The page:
Chicago Public Schools and Lurie Children’s Hospital expand partnership to support youth mental health – The Southland Journal

Chicago Public Schools and Lurie Children’s Hospital Expand Partnership to Support Youth Mental Health (Chicago, IL) – Chicago Public Schools (CPS) and the Center for Childhood Resilience (CCR) at Ann & Robert H. Lurie Children’s Hospital Chicago are developing a comprehensive, collaborative system to better identify and respond to children K-12 students who need mental health support. The expansion from 200 CPS pilot schools to all schools in the district is intended to strengthen the district’s response to a growing national youth mental health crisis, exacerbated by the COVID-19 pandemic.

“We are extremely fortunate to expand this proven mental health model with a world-class children’s hospital,” said CPS CEO Pedro Martinez. “We know that this collaborative work with Lurie Children’s Hospital will help our students heal so they can get back on the path to learning and thriving.

The School-Based Behavioral Health Team (BHT) model, developed at Lurie Children’s and led by CCR Executive Director Colleen Cicchetti with CPS colleagues, aims to maximize resources and collaboration, provide early identification of students with behavioral health needs and connecting students to evidence-based interventions. Already tested in more than 200 CPS schools, the district will begin expanding these teams to all 515 schools in its network next August with the goal of reaching all schools by the 2023-24 school year.

The expansion of effective trauma-focused behavioral health teams is a key initiative of the district’s healing-focused framework, the implementation of which is formalized as part of the comprehensive Mental Health and Suicide Prevention Policy recently. adopted by the district. CPS will use a variety of funds, including federal COVID-19 relief funds to support the SY 2023 expansion, but a final budget for the full expansion is still being developed.

The feasibility and implementation of the BHT model was recently highlighted in the journal Psychology in the Schools by senior author Tali Raviv, PhD, psychologist and Associate Director of CCR and Associate Professor of Psychiatry and Behavioral Sciences at Northwestern University Feinberg School of Medicine.

“We know that up to 50% of adolescents will experience a mental health problem, but only around 20% of these young people receive care from a specialist mental health provider – and those who do cannot receive that care. only after their symptoms have reached a crisis point,” said Dr. Raviv. “We are excited to continue working with CPS to establish the Behavioral Health Team model in many more schools, so that every child who needs help can be identified as early as possible and connected to the appropriate supports.”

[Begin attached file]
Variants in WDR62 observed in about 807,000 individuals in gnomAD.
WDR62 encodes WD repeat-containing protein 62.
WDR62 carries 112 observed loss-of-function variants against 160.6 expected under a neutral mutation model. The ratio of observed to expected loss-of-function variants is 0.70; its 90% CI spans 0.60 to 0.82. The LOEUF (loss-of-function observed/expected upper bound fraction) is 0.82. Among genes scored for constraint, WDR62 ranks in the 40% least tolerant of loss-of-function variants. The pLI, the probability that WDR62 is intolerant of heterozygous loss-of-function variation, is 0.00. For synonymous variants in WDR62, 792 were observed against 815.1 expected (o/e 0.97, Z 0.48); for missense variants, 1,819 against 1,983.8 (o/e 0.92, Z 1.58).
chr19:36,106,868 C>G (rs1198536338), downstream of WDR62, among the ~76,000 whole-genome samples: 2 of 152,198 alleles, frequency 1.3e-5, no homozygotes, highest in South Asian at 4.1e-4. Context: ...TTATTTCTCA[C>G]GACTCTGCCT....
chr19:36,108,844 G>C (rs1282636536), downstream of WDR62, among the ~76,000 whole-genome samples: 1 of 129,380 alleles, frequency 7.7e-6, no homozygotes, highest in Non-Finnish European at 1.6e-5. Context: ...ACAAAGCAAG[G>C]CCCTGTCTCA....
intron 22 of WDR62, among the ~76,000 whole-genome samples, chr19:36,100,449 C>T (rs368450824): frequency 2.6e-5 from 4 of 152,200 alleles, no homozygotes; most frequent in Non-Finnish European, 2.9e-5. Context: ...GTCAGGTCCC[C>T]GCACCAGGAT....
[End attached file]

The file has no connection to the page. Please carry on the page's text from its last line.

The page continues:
These teams are intended to support identification and appropriate referral for a range of common mental health issues, including anxiety, depression, trauma-related symptoms, disruptive behaviors, coping difficulties, peers, attention problems and substance use. The resources available at school and in the community and the severity of a student’s symptoms determine whether services are provided at school, in the community, or a combination of both. BHTs monitor student progress and make any necessary adjustments.

Since 2009, Dr. Raviv and his colleagues at CCR have been training school staff on the implementation of BHTs and providing ongoing consultation to build sustainable mental health capacity within schools.

At the Dr. Martin Luther King Jr. Academy for Social Justice, Principal Jasmine Thurmond has seen her students’ behavior and well-being improve since implementing the behavioral health team model over the past few years. last two years. The model creates the time and space for team members to collectively address the individual behavioral and mental health needs of students at her school, Thurmond said.

“The BHT model has had an indelible impact on the climate and culture of our school because we have been able to support our most vulnerable students and their families,” Principal Thurmond said. “Students feel included, welcome, they feel they can succeed even if they haven’t succeeded in the past. They feel loved, they feel compassion, they feel a sense of belonging.

Partnership with CCR at Lurie Children’s Hospital will help inform, co-construct, assess, facilitate professional learning and mentoring of BHT members on specific trauma-informed interventions and trauma-centered practices healing to ensure successful wellness outcomes for students.

BHTs meet regularly and include school mental health professionals alongside other school and community personnel such as administrators, teachers, nurses and community partners. They work most effectively when the whole school community works to improve the implementation in an atmosphere of trust and integration of the development of social-emotional skills.

“Collaboration between school, family and community systems is key to the success of the BHT model,” Dr. Raviv said. “Our continued partnership with CPS will ensure that more students have equitable access to mental health care, especially now when the need is so urgent.”

Additionally, the long-term collaboration that has piloted and refined this model is an example of how school-community partnerships can address unmet needs and advance strategies that can be replicated and scaled to helping students thrive and succeed in Chicago and beyond.

Chicago Public Schools and Lurie Children’s Hospital Expand Partnership to Support Youth Mental Health

Comments are closed.